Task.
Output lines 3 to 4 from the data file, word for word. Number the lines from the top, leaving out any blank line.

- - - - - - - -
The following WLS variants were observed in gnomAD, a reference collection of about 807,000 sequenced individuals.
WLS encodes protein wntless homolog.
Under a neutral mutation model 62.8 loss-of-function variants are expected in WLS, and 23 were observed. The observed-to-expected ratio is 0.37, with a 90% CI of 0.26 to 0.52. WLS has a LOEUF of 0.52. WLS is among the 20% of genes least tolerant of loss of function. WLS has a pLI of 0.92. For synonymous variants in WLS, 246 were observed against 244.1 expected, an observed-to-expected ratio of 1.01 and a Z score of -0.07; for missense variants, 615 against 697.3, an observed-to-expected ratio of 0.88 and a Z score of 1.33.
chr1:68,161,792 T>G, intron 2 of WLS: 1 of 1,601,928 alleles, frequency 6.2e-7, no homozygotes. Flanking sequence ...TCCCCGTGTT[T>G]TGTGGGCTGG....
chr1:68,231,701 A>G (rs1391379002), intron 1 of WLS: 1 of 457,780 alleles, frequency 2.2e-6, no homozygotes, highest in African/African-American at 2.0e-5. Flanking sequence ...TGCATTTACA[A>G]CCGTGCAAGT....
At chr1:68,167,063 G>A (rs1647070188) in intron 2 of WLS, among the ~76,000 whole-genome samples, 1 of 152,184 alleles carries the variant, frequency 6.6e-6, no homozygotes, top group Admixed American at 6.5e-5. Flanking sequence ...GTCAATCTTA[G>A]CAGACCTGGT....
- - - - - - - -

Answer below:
Under a neutral mutation model 62.8 loss-of-function variants are expected in WLS, and 23 were observed. The observed-to-expected ratio is 0.37, with a 90% CI of 0.26 to 0.52. WLS has a LOEUF of 0.52. WLS is among the 20% of genes least tolerant of loss of function. WLS has a pLI of 0.92. For synonymous variants in WLS, 246 were observed against 244.1 expected, an observed-to-expected ratio of 1.01 and a Z score of -0.07; for missense variants, 615 against 697.3, an observed-to-expected ratio of 0.88 and a Z score of 1.33.
chr1:68,161,792 T>G, intron 2 of WLS: 1 of 1,601,928 alleles, frequency 6.2e-7, no homozygotes. Flanking sequence ...TCCCCGTGTT[T>G]TGTGGGCTGG....